Personally, I'm not sure if I write more or less now than I did before 2010. The main thing I stopped doing was my blog I guess, which just started to seem a bit frivolous: it was something set up as a distraction during my PhD but I got tired of having all this word-junk hanging around - also, I could see from searches to the blog that someone/some people were looking for dirt on people who had been arrested or were heavily involved in the protests. Needless to say there wasn't anything on the blog that could do anyone any damage, but a lot of people were feeling exposed and anxious at that point. As you know, there have been a few very high profile exposes of police infiltration into protest movements in recent years, and I think paranoia is sometimes a normal response: people were going to prison were insanely minor things and newspapers and right-wing blogs were all-too-happy to smear protesters when it suited them.
I think my writing has perhaps become more fractured over the past few years, and I really am a terrible academic - if by that I mean someone who focuses on one thing in a scholarly way and becomes an expert on that one thing - because I write about so many different things all the time in different contexts. But I get bored easily I think. Some of my more recent work on notions of the 'public' tries to bring my interest in protest to bear on larger philosophical and political questions - definitions of collective subjectivity, for example, which I wrote about in my PhD. But I try to mess about with different styles of writing - journalism, academic articles, reviews, experimental stuff - so as not to get too ossified in one way of thinking or doing.
JBR: "Are any of the activists with whom you are colleagues, are any of your friends and non-activist colleagues, artists? If so, do you discuss art with them? Which arts? Are any of them poets? Do you have a connection to that aspect of their work?"
NP: I’d like to start with a quote from an interview given by Rachel Kushner (not with me though I did chair an evening with her recently in London):
‘I think it’s unfair to compare the stakes of art and the stakes of protest. The implication is that art is sillier, that the stakes are about ego and money and hierarchies ... but we are not choosing between a world without exploitation and a world without culture. They are not in direct competition with each other.’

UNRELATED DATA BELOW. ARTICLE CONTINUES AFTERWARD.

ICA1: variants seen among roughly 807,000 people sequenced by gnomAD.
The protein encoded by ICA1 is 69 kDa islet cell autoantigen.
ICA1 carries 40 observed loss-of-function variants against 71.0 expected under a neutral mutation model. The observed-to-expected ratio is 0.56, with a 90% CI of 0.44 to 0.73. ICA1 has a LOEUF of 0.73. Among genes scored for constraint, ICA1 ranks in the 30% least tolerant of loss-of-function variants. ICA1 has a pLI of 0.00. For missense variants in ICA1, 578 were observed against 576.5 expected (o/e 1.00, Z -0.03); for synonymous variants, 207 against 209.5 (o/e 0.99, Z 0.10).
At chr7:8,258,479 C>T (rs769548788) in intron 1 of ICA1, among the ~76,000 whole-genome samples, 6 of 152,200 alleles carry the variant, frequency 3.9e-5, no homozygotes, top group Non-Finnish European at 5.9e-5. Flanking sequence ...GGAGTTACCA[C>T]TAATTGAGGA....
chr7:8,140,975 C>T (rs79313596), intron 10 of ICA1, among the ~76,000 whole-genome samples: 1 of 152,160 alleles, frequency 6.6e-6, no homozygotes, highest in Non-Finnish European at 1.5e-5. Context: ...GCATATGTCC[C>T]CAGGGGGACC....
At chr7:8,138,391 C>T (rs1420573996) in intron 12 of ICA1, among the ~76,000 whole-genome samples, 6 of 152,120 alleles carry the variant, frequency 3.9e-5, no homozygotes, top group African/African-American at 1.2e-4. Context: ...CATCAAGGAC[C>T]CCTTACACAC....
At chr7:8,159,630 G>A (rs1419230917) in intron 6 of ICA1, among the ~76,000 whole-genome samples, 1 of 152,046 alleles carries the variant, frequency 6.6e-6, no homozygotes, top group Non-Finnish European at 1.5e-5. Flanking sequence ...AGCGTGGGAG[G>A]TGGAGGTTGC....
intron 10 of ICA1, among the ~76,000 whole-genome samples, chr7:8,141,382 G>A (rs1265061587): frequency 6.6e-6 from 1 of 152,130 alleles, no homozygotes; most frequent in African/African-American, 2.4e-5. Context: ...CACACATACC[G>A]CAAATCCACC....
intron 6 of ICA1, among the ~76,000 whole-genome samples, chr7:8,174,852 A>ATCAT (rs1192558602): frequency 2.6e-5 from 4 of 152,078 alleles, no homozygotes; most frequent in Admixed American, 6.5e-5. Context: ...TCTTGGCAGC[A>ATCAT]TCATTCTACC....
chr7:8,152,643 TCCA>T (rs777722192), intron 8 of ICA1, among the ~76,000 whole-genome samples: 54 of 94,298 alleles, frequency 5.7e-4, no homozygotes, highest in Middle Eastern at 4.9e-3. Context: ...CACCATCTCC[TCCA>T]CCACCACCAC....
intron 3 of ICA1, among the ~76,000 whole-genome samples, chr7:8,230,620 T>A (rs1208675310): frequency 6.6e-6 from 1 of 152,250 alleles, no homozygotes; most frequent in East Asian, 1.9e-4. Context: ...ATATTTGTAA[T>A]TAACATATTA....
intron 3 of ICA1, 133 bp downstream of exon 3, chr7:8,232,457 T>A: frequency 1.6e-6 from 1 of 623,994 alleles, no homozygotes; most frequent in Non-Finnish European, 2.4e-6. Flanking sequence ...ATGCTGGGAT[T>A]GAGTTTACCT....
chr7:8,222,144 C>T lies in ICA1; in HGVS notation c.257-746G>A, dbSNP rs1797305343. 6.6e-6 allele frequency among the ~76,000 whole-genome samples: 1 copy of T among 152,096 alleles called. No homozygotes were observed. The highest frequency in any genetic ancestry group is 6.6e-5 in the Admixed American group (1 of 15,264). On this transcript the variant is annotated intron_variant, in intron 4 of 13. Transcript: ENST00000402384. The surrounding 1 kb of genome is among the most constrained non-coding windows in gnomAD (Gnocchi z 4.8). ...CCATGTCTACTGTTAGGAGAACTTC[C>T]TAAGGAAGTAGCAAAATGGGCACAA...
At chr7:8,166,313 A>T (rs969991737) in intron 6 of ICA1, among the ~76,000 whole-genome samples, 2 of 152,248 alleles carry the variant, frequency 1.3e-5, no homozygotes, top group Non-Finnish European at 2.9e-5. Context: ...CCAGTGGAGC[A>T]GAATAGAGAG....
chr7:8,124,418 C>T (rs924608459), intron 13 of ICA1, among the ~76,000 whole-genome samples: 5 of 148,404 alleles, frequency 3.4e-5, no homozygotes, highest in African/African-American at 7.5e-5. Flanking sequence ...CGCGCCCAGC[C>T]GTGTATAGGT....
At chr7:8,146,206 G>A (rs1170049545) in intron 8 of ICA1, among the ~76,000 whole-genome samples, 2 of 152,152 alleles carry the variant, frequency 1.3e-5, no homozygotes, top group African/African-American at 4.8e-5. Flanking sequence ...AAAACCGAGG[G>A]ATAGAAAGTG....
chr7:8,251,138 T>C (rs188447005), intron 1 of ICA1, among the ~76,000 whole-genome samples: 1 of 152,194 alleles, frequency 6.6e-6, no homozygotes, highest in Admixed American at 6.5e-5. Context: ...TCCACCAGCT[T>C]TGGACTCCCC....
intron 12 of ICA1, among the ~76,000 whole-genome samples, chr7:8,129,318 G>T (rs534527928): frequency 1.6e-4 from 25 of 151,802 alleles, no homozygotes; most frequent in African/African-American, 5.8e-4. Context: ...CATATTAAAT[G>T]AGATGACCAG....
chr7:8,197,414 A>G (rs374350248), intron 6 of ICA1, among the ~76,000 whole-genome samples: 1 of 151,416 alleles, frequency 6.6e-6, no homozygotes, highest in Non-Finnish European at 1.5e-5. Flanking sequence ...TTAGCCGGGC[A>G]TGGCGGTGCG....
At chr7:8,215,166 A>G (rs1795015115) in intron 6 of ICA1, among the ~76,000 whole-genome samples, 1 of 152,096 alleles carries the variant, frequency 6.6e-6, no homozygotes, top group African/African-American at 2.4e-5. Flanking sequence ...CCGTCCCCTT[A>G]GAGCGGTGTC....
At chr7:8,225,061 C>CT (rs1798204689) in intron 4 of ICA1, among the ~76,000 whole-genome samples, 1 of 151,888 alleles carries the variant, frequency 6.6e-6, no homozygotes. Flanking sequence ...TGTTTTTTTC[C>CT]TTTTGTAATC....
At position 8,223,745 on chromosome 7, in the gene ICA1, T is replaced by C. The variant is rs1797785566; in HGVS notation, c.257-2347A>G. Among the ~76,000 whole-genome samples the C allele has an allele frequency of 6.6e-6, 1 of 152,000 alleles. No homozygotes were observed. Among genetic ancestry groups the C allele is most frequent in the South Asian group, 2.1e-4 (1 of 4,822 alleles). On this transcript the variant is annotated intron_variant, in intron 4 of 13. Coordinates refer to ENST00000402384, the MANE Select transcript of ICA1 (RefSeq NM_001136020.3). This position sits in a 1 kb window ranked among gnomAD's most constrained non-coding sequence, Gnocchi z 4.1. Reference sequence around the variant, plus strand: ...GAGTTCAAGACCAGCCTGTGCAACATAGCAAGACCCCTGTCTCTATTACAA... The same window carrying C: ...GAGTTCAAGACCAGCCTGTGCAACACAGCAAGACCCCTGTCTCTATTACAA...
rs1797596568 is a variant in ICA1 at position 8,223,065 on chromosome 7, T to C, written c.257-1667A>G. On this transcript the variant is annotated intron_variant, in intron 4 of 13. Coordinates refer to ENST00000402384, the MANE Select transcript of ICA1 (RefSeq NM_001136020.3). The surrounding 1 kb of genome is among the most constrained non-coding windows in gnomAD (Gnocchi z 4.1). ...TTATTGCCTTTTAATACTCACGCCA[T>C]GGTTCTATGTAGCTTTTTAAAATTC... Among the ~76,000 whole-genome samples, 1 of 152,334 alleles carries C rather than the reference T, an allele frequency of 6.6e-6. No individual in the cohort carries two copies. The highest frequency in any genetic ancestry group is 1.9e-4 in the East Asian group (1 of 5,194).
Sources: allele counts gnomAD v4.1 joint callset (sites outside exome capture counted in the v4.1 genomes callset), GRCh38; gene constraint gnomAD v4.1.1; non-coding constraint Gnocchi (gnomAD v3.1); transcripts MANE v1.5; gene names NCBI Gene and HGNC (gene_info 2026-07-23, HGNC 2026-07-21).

I was really struck by this quote as it articulates something important about the way in which the relationship between activism and art are often framed, as if they are opposed and mutually exclusive or excluding. Clearly there is a way in which art sometimes appears to be self-contained - in its own little world, the “art world” perhaps - though obviously at the top end the links between this world and the world of finance are very tight. A lot of what people mourn these days when they talk about the disconnect between a lot of art and politics (or ask ‘why isn’t art relevant?’) is based around a fundamental assumption that these two spheres are somehow distinct. They might even be distinct, often, but it doesn’t mean that they should be, or always were, or always will be.
Nor, though, do I think that art has a ‘responsibility’ to be political, to have a particular message etc. Practically speaking, a lot of my friends who are artists are heavily involved in politics, particularly since the events of 2010 that I described in my first answer. Groups like Arts Against Cuts and The Precarious Workers’ Brigade look very clearly at the material constraints and conditions for artists and for art’s relation to politics in the UK context, and I have friends who work for both groups. Here I think there the question is one of specificity: rather than making generalisations like ‘all money is dirty money’ or ‘we are all complicit’, these groups think about the context, funding and presentation of art (and who gets paid, and who doesn’t). A couple of my friends, Dean Kenning and Margareta Kern, wrote a recent piece for Art Monthly that I think addresses these questions head-on. They write:
Knowledge as to how class power operates through art, and how we are in various ways subject to its forces, can inform artistic decisions. It may be exactly those points where art brushes directly against neoliberal power that offer most potential for effective resistance. In this respect, decisions made in specific art-world situations, including acts of subversion or refusal, should not be interpreted as points of individual morality or personal preference but as artistic acts with the potential to affect the wider field of art.
Much of the time, when people refuse to work with galleries etc. or pull out of events because of where the money comes from the response is often to attack this as a ‘moral’ position, but really the question has to be asked on a case-by-case basis with as much recognition of the different positions people are in and are able to take (obviously someone with a salary from a university job is better-placed to ‘refuse’ than a young artist without a job or money)
To get back to your question, I do have a lot of friends who are artists and poets. Most of the poets are obsessed with the way in which capitalism talks about itself, the language of the markets, the speeds and strangenesses of financial activity. It’s interesting - as if contemporary experimental poetry is the nearest thing to the critique of political economy that art has. Most of the visual artists I know are also engaged in kinds of mapping, or political critique of one kind or another, and often critique of the artworld itself.